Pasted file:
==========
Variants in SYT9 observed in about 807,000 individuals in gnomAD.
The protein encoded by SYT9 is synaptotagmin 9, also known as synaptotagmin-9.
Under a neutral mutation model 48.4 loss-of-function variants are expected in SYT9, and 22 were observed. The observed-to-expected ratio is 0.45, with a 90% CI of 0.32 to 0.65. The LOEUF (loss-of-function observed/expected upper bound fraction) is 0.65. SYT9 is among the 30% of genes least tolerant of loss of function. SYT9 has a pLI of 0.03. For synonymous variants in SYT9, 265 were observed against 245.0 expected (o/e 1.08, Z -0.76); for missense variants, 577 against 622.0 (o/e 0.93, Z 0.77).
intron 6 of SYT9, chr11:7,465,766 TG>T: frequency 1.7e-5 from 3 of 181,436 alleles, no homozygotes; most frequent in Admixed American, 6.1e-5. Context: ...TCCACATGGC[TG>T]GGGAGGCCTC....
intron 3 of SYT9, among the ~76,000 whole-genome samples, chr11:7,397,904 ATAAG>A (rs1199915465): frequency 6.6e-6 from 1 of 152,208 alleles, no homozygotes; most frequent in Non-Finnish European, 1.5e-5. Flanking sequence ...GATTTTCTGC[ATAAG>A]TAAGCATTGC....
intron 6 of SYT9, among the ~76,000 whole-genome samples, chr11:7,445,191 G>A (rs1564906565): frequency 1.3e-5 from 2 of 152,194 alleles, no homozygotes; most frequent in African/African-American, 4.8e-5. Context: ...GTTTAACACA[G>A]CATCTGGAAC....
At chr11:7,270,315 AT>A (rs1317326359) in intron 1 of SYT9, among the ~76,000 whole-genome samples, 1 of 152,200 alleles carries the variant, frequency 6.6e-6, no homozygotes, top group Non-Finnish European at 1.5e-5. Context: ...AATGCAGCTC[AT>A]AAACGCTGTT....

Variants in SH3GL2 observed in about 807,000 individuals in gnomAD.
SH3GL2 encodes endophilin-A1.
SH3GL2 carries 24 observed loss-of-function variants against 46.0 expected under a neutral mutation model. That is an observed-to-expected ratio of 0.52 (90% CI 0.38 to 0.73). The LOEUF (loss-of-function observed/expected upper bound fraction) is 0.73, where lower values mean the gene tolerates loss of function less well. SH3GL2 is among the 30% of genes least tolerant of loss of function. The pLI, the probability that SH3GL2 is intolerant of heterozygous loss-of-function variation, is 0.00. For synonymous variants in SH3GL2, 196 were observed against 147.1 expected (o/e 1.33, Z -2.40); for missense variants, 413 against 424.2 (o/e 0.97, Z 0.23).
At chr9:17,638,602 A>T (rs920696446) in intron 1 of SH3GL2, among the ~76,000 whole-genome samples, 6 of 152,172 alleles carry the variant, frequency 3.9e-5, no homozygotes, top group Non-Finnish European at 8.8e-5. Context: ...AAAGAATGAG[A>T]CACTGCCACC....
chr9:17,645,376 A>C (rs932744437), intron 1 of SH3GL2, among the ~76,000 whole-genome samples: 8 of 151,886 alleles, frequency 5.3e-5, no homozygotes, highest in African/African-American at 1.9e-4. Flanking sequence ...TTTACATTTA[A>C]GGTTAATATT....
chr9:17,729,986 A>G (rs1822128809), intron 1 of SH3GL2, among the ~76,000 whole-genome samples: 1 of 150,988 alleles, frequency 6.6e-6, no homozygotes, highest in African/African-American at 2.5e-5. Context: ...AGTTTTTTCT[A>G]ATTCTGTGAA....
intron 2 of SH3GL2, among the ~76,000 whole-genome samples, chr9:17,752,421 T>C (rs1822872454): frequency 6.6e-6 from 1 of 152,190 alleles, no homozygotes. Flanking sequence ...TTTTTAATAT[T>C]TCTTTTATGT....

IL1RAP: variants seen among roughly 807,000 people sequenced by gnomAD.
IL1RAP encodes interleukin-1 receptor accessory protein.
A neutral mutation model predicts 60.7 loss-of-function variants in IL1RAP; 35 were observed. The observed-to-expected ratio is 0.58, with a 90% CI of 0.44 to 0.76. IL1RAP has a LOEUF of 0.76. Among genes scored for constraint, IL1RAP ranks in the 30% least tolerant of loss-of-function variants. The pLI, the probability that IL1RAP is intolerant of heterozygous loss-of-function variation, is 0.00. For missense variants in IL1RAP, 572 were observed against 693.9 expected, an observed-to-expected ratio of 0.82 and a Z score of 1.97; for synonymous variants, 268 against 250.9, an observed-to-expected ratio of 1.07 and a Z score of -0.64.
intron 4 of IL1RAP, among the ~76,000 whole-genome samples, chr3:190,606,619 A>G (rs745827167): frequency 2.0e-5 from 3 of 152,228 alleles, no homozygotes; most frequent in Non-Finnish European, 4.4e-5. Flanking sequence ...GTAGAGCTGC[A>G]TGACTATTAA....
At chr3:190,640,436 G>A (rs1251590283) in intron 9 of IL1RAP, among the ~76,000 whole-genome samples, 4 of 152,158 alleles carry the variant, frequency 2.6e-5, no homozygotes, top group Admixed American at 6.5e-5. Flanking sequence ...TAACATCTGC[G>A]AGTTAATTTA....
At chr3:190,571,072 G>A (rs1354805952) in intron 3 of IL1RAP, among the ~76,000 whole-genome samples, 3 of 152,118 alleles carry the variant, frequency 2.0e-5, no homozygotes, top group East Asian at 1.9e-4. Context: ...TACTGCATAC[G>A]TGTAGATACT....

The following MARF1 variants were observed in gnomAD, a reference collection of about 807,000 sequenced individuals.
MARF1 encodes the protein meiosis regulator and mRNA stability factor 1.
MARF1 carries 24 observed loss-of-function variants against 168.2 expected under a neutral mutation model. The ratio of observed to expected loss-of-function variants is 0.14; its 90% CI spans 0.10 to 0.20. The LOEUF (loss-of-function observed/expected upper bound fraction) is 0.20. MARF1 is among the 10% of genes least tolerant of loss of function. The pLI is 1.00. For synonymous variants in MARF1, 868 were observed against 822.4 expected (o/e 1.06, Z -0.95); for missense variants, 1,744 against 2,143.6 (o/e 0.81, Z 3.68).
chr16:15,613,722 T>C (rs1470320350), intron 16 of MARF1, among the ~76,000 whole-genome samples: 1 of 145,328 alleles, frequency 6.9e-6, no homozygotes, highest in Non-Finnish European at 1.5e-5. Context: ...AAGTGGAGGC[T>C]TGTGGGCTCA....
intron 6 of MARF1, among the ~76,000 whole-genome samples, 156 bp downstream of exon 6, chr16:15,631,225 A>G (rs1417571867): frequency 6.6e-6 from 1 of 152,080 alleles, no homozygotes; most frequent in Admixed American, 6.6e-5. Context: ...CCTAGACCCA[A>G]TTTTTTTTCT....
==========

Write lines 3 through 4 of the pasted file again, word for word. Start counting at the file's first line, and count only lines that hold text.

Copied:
Under a neutral mutation model 48.4 loss-of-function variants are expected in SYT9, and 22 were observed. The observed-to-expected ratio is 0.45, with a 90% CI of 0.32 to 0.65. The LOEUF (loss-of-function observed/expected upper bound fraction) is 0.65. SYT9 is among the 30% of genes least tolerant of loss of function. SYT9 has a pLI of 0.03. For synonymous variants in SYT9, 265 were observed against 245.0 expected (o/e 1.08, Z -0.76); for missense variants, 577 against 622.0 (o/e 0.93, Z 0.77).
intron 6 of SYT9, chr11:7,465,766 TG>T: frequency 1.7e-5 from 3 of 181,436 alleles, no homozygotes; most frequent in Admixed American, 6.1e-5. Context: ...TCCACATGGC[TG>T]GGGAGGCCTC....